Not long ago this author hung out with professional glaziers fixing windows in skyscrapers forty floors above the sidewalks of Toronto.
One of this Province’s premier glass distribution companies, Thermo-Bilt Windows and Doors replacement windows service will tackle just about any glass window repair and replacement job below one hundred feet in the air, which seems quite high, but this is the top working height of most articulating lift trucks. If the window that needs replacing lies higher than that, then Toronto’s top glaziers, skilled glass repair technicians are called to the site.
Last week I went up, way up with these folks on a service call and would soon find myself wearing the flimsy little red harness that Chris can be seen seen holding in his hands above. The crew was very friendly and seemed eager to share with me a glimpse into their world. The gentleman in the foreground is making a point. The caulking gun is the primary tool of the glaziers (that morning) and the worker below was demonstrating his quick draw technique!
Minutes after I stepped into the swing stage that was parked on the roof of a downtown skyscraper I found myself on the outside looking in, clinging to the smooth exterior of a LEED Certified building in the Financial District at the heart of the city.
Window glaziers in Toronto are among the hardest working daily maintenance personnel in town. They do harder tasks than the folks who labour underground and they have the risk of falling to their deaths with one wrong step plaguing their thoughts all day long.
A recent article about Chris Replacing Windows in the Sky in the Toronto Guardian lists the routine maintenance tasks he performs while at work shuttling about each side of the tower. The informative text also details his tools and techniques. The piece elaborates on how the west side of every building in town receives far more attention than other sides. The post explains why the west side of every building is the most heavily maintained glass plane in any tower regardless of its physical location in the city, due to Canada’s weather patterns and the problems caused by the hot setting sun.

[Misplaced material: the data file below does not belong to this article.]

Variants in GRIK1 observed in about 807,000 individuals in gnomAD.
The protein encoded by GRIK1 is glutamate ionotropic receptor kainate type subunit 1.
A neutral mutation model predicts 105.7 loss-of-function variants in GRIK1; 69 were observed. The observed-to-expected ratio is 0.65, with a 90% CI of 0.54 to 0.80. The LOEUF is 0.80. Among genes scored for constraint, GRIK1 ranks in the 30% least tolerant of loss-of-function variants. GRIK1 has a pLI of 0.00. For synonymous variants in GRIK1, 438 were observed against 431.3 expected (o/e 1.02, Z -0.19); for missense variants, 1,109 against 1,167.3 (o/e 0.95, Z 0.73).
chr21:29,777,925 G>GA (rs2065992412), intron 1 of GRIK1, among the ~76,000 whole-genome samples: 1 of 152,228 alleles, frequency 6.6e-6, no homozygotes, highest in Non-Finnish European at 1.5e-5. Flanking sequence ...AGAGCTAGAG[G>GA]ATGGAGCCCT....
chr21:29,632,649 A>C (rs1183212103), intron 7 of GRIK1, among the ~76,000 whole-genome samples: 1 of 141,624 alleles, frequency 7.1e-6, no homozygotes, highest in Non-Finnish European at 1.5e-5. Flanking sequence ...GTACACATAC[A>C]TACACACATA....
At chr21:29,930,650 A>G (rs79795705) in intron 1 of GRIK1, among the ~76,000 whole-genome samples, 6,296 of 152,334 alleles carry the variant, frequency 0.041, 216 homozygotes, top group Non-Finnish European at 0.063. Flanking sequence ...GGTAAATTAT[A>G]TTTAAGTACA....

Chris himself is a born teacher and loves to talk about his many unique tools and technology of his trade.
As we were descending in the swing stage towards the problem window he explained to me how the glass exterior of most modern office towers is composed of multiple panes of glass stuck together with Polyvinyl butyral. The panes range of thickness from 3 to 10 mm 1/8″ to 3/8″ inches and can be made to sandwich an air pocket from which our oxygen nitrogen atmosphere can be removed and replaced with Argon. The resulting glass unit (or window) is stronger, and more insulated and when laminated reasonably shatterproof. In most bank towers the first thirty floors are also blast proof.
Then Chris told me something I didn’t realize before; skyscraper glass window units are perishable!
The noble Argon gas inside these windows constantly seeks escape from its glass prison, and over time perhaps in fifteen or twenty years at the longest, the gas inside will eventually leak out. When that happens the glaziers will say the window has failed. And so Chris made me realize that each unit on every single glass tower in Toronto will inevitably ‘fail’ and then this well paid glazier said with a smile, “There are over 3700 windows in this building alone.”
On that crisp March morning, Chris’s mission was to caulk a window near the top of the structure and so our descent from the roof didn’t take very long
The caulking job offered me plenty of opportunities to get great shots of a high window glazier doing routine maintenance work.
The Toronto Guardian article dated 23 Feb 2017 ends with a blurb about how even the healthiest minds can suffer repeated mental over-stimulation (by suppressing fear) and form a Somatoform Disorder. This happens when the human brain is constantly telling the body that everything is okay, suppressing an instinctual vertigo. The symptoms of this mental condition are very physical however as the illness presents itself in so many mobility-crippling manifestations. Taking all this into account Chris believes he has a responsibility to his mind and body to ‘party -hard’ on the weekends to relive stress. So far its working. This young professional is happy and truly loves his life. At this time he cannot imagine anything that would keep him from his cool job replacing windows in the sky.